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Do adverse health trends correlate with the research into Electromagnetic Radiation (EMR)?

Chapter 7 Depression and Anxiety

Sarah Benson - 23/11/09

The number of young people battling depression has doubled in 12 years, according to a report in 2002 from the Joseph Rowntree Foundation in the UK.

Mood disorders such as depression and anxiety can be attributed to a variety of variables such as emotional and psychological issues, drug and alcohol abuse, stress and poor diet. However I mention them in this context as they are also implicated by the research into EMR.

It should be noted that a substantial body of research showing depression as an outcome has also been done on the effects of powerlines, electrical sub-stations, and domestic wiring as well as R F radiation from wireless technology.

A report by the US government shows a sudden sharp rise in youth suicide rate with a similarly sudden 18 per cent rise for suicides from 2003 to 2004 among the under 20s, from 1,737 to 1,985. The rise is largely driven by increases in deaths among older teenagers, and is apparently a reversal of a trend that was showing a steady decline in the 10 years before that.

In June 2009 The Australian Institute of Health and Welfare released a report that said that the rate of children aged 10 to 14 hospitalised for intentional self harm rose from 30 per 100,000 in 1998-99 to 41 per 100,000 in 2006-7. These new figures suggest a growing prevalence of anxiety, depression and other mental issues among young people at an earlier age. One should note that young people are the greater users of wireless technology than older people.

Microwave exposure has been shown to cause a decrease of 5-HT in the blood. 5-HT is a precursor to the production of the brain hormone serotonin. Low levels of serotonin have been linked to anxiety and depression.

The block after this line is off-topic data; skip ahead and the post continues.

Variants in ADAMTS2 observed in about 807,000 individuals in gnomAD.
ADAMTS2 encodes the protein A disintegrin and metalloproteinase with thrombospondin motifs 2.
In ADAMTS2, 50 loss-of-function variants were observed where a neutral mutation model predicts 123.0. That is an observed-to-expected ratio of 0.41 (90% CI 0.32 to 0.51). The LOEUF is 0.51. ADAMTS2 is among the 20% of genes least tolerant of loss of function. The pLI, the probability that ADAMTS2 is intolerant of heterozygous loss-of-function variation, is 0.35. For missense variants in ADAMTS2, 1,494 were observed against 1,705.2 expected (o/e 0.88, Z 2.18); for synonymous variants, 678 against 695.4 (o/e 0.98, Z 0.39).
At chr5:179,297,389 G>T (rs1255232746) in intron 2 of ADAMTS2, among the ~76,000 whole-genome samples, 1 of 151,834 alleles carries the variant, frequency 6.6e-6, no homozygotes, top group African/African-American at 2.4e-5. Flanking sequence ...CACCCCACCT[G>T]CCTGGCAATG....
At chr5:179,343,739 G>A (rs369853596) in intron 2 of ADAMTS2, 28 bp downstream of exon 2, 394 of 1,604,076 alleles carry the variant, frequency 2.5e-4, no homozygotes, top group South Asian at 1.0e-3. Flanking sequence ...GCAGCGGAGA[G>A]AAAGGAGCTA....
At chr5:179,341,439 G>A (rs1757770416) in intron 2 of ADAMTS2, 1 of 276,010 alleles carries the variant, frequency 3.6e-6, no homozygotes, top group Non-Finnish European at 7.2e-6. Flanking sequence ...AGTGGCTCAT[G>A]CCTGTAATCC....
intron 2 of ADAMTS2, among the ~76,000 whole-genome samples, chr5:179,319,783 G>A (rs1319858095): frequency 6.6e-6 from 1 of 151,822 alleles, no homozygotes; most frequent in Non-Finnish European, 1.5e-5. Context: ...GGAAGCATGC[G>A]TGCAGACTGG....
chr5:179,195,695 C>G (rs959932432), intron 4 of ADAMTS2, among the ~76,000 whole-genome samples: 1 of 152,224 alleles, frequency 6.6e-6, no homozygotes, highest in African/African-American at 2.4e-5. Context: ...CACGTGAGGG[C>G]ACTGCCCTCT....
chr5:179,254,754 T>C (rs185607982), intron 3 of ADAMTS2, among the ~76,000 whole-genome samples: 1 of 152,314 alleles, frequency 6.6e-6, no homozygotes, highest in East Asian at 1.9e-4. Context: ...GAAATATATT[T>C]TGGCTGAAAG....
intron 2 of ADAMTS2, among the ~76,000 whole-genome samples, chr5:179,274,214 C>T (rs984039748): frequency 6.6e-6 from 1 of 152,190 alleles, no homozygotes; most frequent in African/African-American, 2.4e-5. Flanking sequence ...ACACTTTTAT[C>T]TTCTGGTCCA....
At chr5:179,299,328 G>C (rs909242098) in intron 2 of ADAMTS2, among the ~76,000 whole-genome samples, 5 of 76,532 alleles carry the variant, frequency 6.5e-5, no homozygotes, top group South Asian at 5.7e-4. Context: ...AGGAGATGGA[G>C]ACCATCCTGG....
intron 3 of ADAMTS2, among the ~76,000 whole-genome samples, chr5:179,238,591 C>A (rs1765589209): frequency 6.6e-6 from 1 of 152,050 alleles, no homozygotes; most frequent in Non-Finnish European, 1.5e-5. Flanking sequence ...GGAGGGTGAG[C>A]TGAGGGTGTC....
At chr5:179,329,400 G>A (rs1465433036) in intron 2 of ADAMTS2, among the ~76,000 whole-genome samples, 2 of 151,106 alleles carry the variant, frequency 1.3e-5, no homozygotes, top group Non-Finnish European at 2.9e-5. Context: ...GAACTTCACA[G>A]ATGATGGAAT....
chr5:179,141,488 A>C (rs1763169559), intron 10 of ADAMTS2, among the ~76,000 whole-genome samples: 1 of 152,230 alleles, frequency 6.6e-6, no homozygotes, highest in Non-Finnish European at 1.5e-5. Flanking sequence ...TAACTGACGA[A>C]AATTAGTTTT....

Changes in the levels of the brain hormone, dopamine have also been shown to be connected with microwave radiation and other EMF exposure[1] A drop in dopamine levels has also been linked with depression[2]

Dr Cherry found that melatonin reduction, clinical depression and suicide are all significantly dose-response related to EMR exposure[3].

"Along with sleep disruption and brain tumour, this constitutes a very strong and coherent set of data supporting a causal relationship between ELF to RF/MW exposure, including mobile phone usage, and neurological illness".


A 2004 Spanish study around a mobile phone tower found that depressive tendencies were among the symptoms experienced.[4]

In 2006 Melbourne University researcher Michael Berk discovered that the incidence of geomagnetic storms caused by solar flares influenced the suicide rate, saying that this could possibly indicate that natural sources of electromagnetism could cause depression as well as artificial sources.[5]

In 2008 Taiwanese scientists found that teenagers who had significant depression were more likely to exhibit multiple symptoms of problem mobile phone use.[6]

[1] Mausset-Bonnefont et al 2004, Sieron et al 2004

[2] Brown & Gershon: 1993.

[3] Cherry 2000, Evidence that Electromagnetic Radiation is Genotoxic: The implications for the epidemiology of cancer and cardiac, neurological and reproductive effects, p. 32.

[4] Op cit, Murcia, 2004.

[5] EMR and Health, 2006: E-Smog and Depression, Vol 2 No 1.

[6] Yen,C et al, J Adolesc Nov 21, 2008.

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